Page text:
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    UNH Plugfest

    Attached are some of the issues that arose during the first day
    of the iSCSI plugfest at UNH on Monday 11-February-2001.
    Bob Russell
    InterOperability Lab
    University of New Hampshire
    1a)The following operational keys are labeled with "Use: ALL" and have
       session-wide applicability:
       This means that they can be negotiated during the login phase for
       any connection in a session, as well as during full feature phase on
       any connection in a session, but at the successful conclusion of that
       negotiation, the results apply immediately to all connections in
       the session.
       The question is: "What is the rationale for making these 3 keys
       session-wide instead of connection-specific?"
       Phrased another way, the question is: "Would it not be better if these
       keys were connection-specific instead of session-wide?"
       In particular, it appears that dynamic changes to these values on one
       connection can have an effect on outstanding commands on other
       connections that requires considerable complication in implementations
       to handle correctly, yet the benefit is not obvious from the standard.
       Could someone please supply a rationale for keeping these keys
    1b)A related issue is that the values negotiated for InitialR2T and
       ImmediateData are intimately intertwined, as evidenced by the
       table accompanying the description of ImmediateData in Appendix D.
       However, InitialR2T has a specific restriction (in the description
       of InitialR2T in Appendix D): "Once InitialR2T has been set to 'no',
       it cannot be set back to 'yes'. BidiInitalR2T has the same restriction.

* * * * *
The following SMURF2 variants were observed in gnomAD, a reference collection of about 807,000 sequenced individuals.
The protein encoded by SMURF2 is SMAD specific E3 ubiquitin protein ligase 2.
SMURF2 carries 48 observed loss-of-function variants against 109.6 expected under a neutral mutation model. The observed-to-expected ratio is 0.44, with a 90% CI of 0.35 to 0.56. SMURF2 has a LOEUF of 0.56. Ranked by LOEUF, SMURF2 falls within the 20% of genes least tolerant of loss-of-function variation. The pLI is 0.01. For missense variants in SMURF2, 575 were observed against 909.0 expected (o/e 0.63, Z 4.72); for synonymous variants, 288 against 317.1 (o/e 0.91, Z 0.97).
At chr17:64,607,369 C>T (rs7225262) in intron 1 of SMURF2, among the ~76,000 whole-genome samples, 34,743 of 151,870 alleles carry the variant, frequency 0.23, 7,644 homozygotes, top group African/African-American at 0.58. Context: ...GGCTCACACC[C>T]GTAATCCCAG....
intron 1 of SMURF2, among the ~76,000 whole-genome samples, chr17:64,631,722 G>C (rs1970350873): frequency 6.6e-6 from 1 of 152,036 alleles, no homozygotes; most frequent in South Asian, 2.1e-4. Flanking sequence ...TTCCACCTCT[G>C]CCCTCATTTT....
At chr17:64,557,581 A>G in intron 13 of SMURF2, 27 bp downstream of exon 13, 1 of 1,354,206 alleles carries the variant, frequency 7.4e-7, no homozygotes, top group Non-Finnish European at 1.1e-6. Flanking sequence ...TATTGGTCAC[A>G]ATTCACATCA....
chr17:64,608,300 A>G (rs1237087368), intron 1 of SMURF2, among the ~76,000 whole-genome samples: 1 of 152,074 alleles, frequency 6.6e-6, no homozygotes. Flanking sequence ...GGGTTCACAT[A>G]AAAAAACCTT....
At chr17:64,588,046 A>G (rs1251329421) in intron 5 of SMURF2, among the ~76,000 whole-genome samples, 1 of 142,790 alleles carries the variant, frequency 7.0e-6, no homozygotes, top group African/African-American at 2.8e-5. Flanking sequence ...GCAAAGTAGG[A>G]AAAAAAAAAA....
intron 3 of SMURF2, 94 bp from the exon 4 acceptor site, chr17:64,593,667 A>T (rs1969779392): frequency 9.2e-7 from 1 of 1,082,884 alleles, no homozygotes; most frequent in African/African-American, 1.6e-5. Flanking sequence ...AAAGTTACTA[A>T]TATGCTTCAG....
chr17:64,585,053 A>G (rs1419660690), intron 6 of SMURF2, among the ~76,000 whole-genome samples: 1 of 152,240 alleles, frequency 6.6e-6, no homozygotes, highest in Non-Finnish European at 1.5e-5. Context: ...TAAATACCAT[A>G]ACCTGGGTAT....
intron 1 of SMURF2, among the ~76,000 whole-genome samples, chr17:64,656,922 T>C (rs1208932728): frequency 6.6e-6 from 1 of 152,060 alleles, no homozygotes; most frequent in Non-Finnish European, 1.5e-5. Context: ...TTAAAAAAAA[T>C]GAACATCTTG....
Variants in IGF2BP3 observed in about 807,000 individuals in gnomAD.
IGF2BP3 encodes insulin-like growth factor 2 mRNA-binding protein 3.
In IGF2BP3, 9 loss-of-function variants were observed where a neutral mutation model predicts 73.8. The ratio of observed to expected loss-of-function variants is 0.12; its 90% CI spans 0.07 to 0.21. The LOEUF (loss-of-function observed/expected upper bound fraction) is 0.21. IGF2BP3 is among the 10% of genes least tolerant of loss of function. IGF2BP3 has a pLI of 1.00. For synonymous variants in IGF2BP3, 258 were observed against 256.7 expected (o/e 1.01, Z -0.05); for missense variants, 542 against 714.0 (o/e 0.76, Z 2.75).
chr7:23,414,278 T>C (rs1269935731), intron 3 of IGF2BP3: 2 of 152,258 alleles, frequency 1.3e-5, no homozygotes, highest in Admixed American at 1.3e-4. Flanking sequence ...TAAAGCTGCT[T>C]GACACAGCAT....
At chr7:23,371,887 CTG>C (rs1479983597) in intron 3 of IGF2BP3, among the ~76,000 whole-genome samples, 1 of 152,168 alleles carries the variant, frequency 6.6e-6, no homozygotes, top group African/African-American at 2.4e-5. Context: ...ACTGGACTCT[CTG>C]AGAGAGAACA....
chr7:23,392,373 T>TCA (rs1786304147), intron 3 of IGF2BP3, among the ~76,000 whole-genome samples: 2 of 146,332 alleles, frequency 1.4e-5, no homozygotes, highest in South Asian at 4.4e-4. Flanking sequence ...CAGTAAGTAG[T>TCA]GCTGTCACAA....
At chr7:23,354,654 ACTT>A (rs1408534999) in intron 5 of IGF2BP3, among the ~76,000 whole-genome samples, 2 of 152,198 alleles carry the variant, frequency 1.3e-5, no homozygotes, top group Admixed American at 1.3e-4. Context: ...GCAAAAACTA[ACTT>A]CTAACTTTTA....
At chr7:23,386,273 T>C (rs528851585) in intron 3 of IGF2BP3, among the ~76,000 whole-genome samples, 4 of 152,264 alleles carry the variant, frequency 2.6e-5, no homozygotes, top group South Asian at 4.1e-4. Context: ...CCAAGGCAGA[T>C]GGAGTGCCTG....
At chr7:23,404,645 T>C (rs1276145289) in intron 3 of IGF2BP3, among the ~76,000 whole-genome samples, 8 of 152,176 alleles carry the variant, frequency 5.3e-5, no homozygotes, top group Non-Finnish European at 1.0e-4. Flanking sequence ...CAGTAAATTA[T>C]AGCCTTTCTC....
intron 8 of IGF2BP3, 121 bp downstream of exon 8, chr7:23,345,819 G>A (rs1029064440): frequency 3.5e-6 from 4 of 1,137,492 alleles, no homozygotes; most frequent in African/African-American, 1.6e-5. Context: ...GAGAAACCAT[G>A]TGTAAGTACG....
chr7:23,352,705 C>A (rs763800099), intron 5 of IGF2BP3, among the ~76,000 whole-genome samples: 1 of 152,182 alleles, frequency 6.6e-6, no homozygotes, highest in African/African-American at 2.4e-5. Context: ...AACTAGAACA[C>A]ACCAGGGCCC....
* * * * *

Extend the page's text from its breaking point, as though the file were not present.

But ImmediateData does not have this restriction.
       The question is: "Why doesn't ImmediateData have a similar restriction?"
       In particular, this restriction on (Bidi)InitialR2T limits the
       possibilities for (re)negotiation at any time on any connection
       mentioned in 1a above, because once unsolicited data PDUs have been
       negotiated off, they can never be negotiated on again, effectively
       eliminating InitialR2T from all further negotiations.
       Could someone please supply a rationale for allowing ImmediateData to
       be negotiated on/off at any time on any connection but not InitialR2T?
    2. Section 3.11.3 discusses the use of the Target Transfer Tag in the Text
       Response pdu.  It says that when the target has more work to do, it
       MUST set the Target Transfer Tag to some value other than 0xffffffff.
       When the target does not have more work to do, the standard does not
       say what value the Target Transfer Tag should have.  There are 2
       a. If the target must set the Target Transfer Tag to 0xffffffff,
          then the standard should state this explicitly.
       b. If the target can set the Target Transfer Tag to any value
          (or leave it undefined) then it appears that there is no need to
          reserve 0xffffffff for the Target Transfer Tag at all, and there
          is no need to require a value other than 0xffffffff when F = 0
          (any value will work fine).
    3. Section 3.8.3 limits the value of the Desired Data Transfer Length in
       an R2T to at most MaxBurstSize.  What is the rationale for this?
       An R2T is sent by the target to the initiator, so why can't the
       target specify any size it wants in the R2T?  The target already
       uses R2Ts to control the flow of Data-Out PDUs from the initiator,
       so why impose this restriction on the R2Ts?
       Could someone please explain the benefit to this limitation on R2Ts?
    4. Section 3.7.1 says that the Data-In pdus sent by the target to satisfy
       a SCSI read command can be split into sequences each terminated by
       a pdu having F=1.  The standard does not seem to require that this
       be done.  However, if it is done, then the description of MaxBurstSize
       in Appendix D limits these sequences to at most MaxBurstSize bytes.
    4a.The first question is: "What is the benefit for allowing the
       Data-In pdus to be split into sequences?"
       It appears that doing so forces a dual role on the F-bit -- as end of
       sequence and as end of all input -- and complicates the interpretation
       of this bit in the initiator.  This feature seems to be necessary to
       change direction in bidirectional transfers, but are there other uses
       for this?
    4b.The second question is: "Is the target required to split Data-In pdus
       into sequences?"
       If so, this should be made explicit in the standard, and the rationale
       for this should also be given.


Last updated: Tue Feb 12 04:18:21 2002
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